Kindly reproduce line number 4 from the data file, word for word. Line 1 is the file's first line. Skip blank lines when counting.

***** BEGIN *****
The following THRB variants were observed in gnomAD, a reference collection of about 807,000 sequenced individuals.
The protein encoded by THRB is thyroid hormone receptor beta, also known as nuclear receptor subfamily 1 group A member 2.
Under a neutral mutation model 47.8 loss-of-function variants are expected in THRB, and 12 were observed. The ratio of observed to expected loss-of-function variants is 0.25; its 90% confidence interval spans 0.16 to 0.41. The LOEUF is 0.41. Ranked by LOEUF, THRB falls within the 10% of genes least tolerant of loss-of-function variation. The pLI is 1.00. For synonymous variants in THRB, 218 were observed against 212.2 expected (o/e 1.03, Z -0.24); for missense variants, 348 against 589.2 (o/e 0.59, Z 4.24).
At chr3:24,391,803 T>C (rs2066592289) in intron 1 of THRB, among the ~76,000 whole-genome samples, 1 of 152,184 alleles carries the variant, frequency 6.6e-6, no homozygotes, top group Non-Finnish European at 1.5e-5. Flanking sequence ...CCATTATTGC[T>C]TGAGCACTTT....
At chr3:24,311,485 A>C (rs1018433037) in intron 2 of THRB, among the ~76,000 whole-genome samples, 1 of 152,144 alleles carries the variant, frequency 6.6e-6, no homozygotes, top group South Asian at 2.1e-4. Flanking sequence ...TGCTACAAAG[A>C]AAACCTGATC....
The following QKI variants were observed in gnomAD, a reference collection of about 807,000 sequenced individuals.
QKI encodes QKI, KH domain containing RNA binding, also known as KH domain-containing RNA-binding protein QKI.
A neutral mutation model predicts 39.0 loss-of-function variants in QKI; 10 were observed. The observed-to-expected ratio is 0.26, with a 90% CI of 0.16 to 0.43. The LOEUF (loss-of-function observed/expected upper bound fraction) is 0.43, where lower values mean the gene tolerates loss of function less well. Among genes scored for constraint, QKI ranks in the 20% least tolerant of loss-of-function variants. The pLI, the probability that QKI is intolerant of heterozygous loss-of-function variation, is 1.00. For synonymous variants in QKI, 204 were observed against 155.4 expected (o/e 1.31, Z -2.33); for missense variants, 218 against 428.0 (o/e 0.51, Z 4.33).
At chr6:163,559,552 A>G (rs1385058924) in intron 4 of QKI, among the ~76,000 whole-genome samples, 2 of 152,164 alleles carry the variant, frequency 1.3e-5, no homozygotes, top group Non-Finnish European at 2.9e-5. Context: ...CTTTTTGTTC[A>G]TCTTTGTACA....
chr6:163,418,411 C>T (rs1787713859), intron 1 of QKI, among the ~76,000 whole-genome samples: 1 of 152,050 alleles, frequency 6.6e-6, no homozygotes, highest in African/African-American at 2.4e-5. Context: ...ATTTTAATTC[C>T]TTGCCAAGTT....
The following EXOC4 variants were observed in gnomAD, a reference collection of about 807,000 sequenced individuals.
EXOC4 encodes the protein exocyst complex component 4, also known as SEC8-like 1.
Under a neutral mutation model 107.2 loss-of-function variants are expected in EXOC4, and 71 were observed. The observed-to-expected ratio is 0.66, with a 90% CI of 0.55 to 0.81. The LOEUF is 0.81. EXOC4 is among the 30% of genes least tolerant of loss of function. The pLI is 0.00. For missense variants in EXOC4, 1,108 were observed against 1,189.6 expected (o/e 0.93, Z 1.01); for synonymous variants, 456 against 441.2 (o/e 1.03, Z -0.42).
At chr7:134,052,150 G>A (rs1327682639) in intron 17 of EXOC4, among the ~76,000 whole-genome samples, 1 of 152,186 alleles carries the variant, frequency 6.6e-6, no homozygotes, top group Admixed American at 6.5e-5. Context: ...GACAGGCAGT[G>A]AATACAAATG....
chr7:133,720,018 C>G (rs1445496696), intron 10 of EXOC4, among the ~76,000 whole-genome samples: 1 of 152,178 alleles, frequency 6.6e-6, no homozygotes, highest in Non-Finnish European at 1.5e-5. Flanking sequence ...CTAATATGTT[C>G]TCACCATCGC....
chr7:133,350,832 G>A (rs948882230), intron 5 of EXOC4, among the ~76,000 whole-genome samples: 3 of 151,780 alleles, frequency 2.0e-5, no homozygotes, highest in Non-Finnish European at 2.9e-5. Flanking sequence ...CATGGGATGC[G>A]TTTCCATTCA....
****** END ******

At chr3:24,391,803 T>C (rs2066592289) in intron 1 of THRB, among the ~76,000 whole-genome samples, 1 of 152,184 alleles carries the variant, frequency 6.6e-6, no homozygotes, top group Non-Finnish European at 1.5e-5. Flanking sequence ...CCATTATTGC[T>C]TGAGCACTTT....